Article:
The Hamill Hypothesis

The Hamill Hypothesis is the theory that Bigger Luke can be best explained by the existence of a slightly larger Mark Hamill look-alike who was used in many scenes of the original Star Wars Trilogy. The proposed reason for this is still, to this day, up to speculation.


Theories

There are many theories as to why a slightly larger Mark Hamill look-alike was used in the original Star Wars trilogy.

Mark Hamill's Car Accident

The most popular theory is that the shots featuring Bigger Luke were shot after Mark Hamill's car accident on January 11th, 1977, which occurred before A New Hope had finished filming. It is believed that the previously unshot scenes were filmed with the aforementioned taller Mark Hamill look-alike, and the official story that it was merely landspeeder pickup shots that featured a double are untrue. Why Lucasfilm would lie is to this day unknown.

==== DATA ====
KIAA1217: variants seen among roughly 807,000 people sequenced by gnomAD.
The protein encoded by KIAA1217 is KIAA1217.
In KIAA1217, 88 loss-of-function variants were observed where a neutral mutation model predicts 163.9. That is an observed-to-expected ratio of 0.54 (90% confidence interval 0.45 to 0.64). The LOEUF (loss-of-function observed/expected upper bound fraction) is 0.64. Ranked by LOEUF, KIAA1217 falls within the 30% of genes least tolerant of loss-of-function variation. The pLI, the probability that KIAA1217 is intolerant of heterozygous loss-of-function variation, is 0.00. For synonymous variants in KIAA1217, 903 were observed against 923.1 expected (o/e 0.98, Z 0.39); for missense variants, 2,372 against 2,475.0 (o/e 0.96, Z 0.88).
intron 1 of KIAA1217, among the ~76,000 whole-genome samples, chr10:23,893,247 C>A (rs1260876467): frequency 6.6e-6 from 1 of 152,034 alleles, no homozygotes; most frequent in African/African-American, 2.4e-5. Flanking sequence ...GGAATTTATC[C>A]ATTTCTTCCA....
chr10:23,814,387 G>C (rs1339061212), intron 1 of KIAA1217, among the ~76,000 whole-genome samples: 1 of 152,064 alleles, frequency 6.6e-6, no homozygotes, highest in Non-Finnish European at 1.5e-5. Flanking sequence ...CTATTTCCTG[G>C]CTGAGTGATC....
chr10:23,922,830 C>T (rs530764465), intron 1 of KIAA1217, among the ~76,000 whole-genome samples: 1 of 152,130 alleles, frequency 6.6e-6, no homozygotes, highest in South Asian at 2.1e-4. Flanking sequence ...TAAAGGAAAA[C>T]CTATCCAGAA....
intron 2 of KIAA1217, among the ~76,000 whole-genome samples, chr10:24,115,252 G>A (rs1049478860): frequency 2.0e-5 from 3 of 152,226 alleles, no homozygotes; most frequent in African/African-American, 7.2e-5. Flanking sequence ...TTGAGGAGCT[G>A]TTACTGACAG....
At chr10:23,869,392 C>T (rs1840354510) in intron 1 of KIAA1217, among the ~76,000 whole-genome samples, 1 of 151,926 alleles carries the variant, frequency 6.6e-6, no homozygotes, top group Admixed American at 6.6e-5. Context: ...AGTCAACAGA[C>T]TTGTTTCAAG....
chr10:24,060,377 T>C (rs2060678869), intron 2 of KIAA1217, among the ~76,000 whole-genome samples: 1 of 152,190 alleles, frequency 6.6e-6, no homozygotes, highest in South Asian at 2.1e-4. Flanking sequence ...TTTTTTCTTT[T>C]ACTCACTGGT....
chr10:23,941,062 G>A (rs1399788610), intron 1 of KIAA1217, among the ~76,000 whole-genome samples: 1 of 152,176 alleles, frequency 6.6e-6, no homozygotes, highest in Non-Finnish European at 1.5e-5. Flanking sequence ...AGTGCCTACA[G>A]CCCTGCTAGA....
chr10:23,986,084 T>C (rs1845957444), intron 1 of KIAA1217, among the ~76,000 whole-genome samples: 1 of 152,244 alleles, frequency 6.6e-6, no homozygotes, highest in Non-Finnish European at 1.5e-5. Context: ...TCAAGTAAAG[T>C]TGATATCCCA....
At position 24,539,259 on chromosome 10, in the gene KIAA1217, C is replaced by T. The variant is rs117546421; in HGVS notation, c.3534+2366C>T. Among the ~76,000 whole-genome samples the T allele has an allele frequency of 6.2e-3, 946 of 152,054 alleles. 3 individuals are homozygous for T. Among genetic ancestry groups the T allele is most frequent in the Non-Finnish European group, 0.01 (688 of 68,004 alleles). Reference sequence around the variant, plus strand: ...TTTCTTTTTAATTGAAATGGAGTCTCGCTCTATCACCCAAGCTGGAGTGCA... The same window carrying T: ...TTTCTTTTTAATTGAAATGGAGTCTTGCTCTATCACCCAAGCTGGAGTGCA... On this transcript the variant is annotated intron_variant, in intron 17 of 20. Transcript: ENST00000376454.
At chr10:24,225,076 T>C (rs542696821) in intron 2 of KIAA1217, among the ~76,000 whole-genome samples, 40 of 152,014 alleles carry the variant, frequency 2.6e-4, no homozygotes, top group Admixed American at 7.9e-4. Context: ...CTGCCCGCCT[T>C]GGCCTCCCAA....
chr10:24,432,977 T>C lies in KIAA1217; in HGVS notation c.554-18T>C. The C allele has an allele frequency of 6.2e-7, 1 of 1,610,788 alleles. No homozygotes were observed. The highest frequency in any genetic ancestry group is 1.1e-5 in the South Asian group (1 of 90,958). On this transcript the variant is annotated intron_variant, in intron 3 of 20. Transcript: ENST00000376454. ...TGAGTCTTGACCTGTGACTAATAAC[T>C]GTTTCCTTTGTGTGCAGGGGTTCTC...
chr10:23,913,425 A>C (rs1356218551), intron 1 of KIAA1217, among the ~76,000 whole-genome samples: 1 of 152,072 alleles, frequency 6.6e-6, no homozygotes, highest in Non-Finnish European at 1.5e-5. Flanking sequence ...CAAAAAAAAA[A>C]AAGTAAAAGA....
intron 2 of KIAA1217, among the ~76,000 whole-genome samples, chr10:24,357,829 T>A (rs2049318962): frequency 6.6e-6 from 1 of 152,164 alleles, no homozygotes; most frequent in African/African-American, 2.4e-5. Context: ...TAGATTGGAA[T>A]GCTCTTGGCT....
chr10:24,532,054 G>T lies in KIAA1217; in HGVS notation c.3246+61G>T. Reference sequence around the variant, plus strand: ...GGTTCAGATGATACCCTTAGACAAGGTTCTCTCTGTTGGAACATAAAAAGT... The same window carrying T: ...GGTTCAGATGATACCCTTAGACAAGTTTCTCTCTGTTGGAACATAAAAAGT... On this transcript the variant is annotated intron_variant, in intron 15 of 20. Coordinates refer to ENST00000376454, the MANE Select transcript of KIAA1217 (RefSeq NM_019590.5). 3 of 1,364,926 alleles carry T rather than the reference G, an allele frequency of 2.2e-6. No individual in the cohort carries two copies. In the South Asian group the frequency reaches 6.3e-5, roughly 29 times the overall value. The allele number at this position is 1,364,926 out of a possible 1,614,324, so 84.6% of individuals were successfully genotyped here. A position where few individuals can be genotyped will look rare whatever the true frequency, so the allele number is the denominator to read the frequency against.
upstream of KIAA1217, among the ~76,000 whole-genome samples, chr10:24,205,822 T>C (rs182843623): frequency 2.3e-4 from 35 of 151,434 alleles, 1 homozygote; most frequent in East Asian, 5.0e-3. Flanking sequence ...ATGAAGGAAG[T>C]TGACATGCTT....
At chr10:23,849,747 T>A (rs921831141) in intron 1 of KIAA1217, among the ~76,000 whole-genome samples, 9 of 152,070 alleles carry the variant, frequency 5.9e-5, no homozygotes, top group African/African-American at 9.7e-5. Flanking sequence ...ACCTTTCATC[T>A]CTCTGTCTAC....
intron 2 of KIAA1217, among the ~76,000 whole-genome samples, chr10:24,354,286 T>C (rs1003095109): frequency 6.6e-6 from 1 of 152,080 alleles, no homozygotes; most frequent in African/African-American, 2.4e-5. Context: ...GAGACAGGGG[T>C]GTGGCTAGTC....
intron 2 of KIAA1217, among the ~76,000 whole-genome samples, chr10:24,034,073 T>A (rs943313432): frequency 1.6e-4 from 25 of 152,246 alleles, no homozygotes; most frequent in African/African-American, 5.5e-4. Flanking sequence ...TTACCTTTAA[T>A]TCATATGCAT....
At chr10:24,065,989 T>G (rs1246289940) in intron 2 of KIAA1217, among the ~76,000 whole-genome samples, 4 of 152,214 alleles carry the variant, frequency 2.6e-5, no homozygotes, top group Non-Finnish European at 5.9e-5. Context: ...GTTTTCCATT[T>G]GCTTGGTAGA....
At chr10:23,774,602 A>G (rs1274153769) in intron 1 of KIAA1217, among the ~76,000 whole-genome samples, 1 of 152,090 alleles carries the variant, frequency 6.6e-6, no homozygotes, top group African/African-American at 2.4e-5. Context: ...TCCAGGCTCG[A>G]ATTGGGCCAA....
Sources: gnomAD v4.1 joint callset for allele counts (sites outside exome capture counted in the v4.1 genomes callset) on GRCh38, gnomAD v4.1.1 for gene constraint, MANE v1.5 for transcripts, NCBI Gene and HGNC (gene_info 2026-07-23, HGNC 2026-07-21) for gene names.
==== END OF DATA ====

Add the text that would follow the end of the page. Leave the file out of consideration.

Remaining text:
However, a criticism of this otherwise common theory is that, if this is indeed the much sought out explanation for the Bigger Luke phenomenon, then the appearances of Bigger Luke in both the The Empire Strikes Back and Return of the Jedi are not accounted for, as by the time The Empire Strikes Back was filmed, Mark Hamill had already recovered. In fact scars from the accident were featured in the film, and explained as wounds from the wampa attack.

There exists a theory that has grown more popular in recent years known as the Multi-Luke Hypothesis that addresses this issue. The Multi-Luke Hypothesis states that all, or perhaps most, instances of Bigger Luke in a A New Hope can be chalked up to the aforementioned slightly larger look-alike used to shoot some scenes post-January 11th, 1977, however instances of Bigger Luke in The Empire Strikes Back and Return of the Jedi have different causes. When the theories for the latter two fall into the realm of the Canon Luke Hypothesis, that is when there is believed to be an in-universe explanation, the theory is generally called the Hamill-Canon Hypothesis, or HAMCAN, which is widely considered a sub-theory of the Multi-Luke Hypothesis, and is indeed the most popular sub-theory to this day.

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